LAFD Captain Wins $3.75 Million in Discrimination Case

Lima claimed he was discriminated and retaliated against because he was a male.


LOS ANGELES --

A jury Thursday awarded $3.75 million to a Los Angeles Fire Department captain who alleged he was retaliated against for refusing to give preferential treatment to a female firefighter recruit.

A Los Angeles Superior Court jury of seven men and five women deliberated about 1 1/2 days before finding in favor of LAFD Capt. Frank Lima, who filed his lawsuit in May 2006.

"We are disappointed with the verdict and are considering our options," said Jonathan Diamond, a spokesman for the City Attorney's Office.

Lima claimed he was discriminated and retaliated against because he was a male and applied the same standards in training a female recruit that he would have done had she been a man.

Lima's duties included training firefighters in emergency tactics and conducting firefighting drills, according to his court papers. In June 2004, he supervised training for Melissa B. Kelley as she tried and failed to perform a training exercise involving a 35-foot ladder, according to his lawsuit.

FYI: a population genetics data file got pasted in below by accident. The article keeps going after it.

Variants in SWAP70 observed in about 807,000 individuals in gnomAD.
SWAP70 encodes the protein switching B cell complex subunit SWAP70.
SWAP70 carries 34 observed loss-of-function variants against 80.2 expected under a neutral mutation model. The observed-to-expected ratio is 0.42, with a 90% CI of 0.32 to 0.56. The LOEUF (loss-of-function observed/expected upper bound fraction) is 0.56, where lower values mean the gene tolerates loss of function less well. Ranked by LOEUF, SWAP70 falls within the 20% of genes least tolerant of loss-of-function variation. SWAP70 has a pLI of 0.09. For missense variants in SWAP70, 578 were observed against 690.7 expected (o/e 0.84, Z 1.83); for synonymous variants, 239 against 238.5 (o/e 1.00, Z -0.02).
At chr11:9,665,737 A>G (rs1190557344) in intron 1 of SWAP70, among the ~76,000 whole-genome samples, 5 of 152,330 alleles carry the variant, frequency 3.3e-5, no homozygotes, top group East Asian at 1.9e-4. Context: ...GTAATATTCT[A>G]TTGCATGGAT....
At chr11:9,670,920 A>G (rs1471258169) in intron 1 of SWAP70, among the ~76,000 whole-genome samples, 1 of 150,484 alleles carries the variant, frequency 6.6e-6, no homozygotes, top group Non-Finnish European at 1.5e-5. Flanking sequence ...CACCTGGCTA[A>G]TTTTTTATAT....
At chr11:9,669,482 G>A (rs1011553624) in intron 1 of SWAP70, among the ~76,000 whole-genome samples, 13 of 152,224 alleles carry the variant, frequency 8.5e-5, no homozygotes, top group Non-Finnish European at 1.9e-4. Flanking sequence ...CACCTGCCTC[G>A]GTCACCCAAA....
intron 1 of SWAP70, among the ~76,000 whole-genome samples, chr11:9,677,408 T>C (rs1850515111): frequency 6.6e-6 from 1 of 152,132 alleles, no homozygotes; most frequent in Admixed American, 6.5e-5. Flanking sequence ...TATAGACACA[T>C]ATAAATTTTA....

Kelley later claimed she was injured and that Lima had humiliated her, even though she never told him on the day of the training that she was hurt, Lima's court papers state.

Lima claims he was transferred from the station where he was working. He said he also was told by a supervisor during a May 2005 Board of Rights hearing regarding the Kelley incident to treat women differently and in a disparate manner because it was difficult to recruit and retain female firefighters.

The board found that Lima did not harass Kelley because of her gender, but reprimanded him for not taking steps to ensure her safety, according to his court papers, which state that the board "came to this erroneous decision despite the fact the drill was proper and Lima had no knowledge of Kelley's prior injury."

Lima's attorney, Gregory W. Smith, said Lima also was denied a prestigious promotion to a higher rank of captain.

Smith said his client is anxious to return to the Pacific Palisades fire station where he is assigned.

"He just wants to go back to work and serve the citizens of Los Angeles," Smith said. "Now he won't have to worry about being retaliated against."